Kearns v. American Family Ins. GroupAnnotate this Case
486 N.W.2d 796 (1992)
Kimberly Ann KEARNS, et al., Respondents, v. AMERICAN FAMILY INSURANCE GROUP, Appellant.
Court of Appeals of Minnesota.
June 23, 1992.
Review Denied August 4, 1992.
*797 Richard W. Johnson, Red Wing, for respondents.
George F. Vogel, Holst, Vogel, Erdmann & Vogel, Red Wing, for appellant.
Considered and decided by AMUNDSON, P.J., and NORTON and PETERSON, JJ.OPINION
Respondents Kimberly Ann Kearns and Lawrence Kearns brought a declaratory judgment action seeking to stack uninsured benefits of separate insurance policies on their two vehicles. The trial court granted the Kearnses' motion to apply Wisconsin's stacking statute. American Family's petition for discretionary review of the order was subsequently denied by this court. The matter proceeded to trial where the jury awarded damages in excess of $100,000 and found no negligence on the part of Kimberly Ann Kearns. Upon American Family's post-trial motions for JNOV, a new trial, or amended order for judgment reducing damages, the trial court ordered reduction of the total damages to $75,000. American Family appeals from the judgment.FACTS
On June 20, 1989, Kimberly Ann Kearns was driving a truck in which her husband, Lawrence Kearns, was a passenger. The Kearnses' vehicle was struck from behind by a vehicle operated by Robby Jon Miller at a Red Wing, Minnesota intersection, resulting in injuries to Kimberly Ann Kearns. Miller was uninsured at the time of the accident. The Kearnses' vehicle had $25,000 per person, $50,000 per accident uninsured motorist coverage through a policy with the American Family Insurance Group (American Family). A second vehicle owned by the Kearnses had uninsured motorist coverage of $50,000 per person, $100,000 per accident under an American Family policy.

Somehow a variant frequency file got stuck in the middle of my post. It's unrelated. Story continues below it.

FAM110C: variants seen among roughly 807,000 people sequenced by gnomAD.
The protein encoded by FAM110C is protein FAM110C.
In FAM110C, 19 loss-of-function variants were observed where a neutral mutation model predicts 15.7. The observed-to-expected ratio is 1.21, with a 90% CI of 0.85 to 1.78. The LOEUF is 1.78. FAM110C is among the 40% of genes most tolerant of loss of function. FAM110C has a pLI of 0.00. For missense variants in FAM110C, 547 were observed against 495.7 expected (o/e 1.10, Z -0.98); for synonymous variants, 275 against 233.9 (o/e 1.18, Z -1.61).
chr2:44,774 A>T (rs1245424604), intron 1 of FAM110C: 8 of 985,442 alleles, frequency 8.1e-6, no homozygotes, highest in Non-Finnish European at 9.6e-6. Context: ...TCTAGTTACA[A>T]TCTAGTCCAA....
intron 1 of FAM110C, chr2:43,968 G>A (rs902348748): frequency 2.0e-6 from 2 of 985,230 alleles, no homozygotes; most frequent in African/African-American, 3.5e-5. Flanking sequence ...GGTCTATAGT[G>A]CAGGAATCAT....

The Kearnses filed a claim with American Family requesting payment of $75,000 in uninsured motorist benefits, $25,000 for the insured vehicle and $50,000 for the second insured vehicle. American Family paid $25,000 in uninsured motorist benefits but denied stacking.
At the time of the accident, the Kearnses resided in Wisconsin, where their vehicles were registered and garaged. American Family is licensed to do business in Wisconsin, and the Kearnses' policies were issued there. Part VI General Provisions, Section 3 of each policy contains an anti-stacking provision:Two or More Cars Insured. The total limit of our liability under all policies issued to you by us shall not exceed the highest limit of liability under any one policy.
Part VI General Provisions, Section 11 of each policy, however, requires its terms to be interpreted according to the law of the state in which it was issued:*798 Terms of Policy Conform to Statute. Terms of this policy which are in conflict with the statutes of the state in which this policy is issued are changed to conform to those statutes.
It is unclear whether Miller resided in Wisconsin at the time of the accident. The police accident report lists Miller's address as being in Wisconsin. During trial, however, Miller's testimony indicated that he lived in Red Wing, Minnesota at the time of the accident.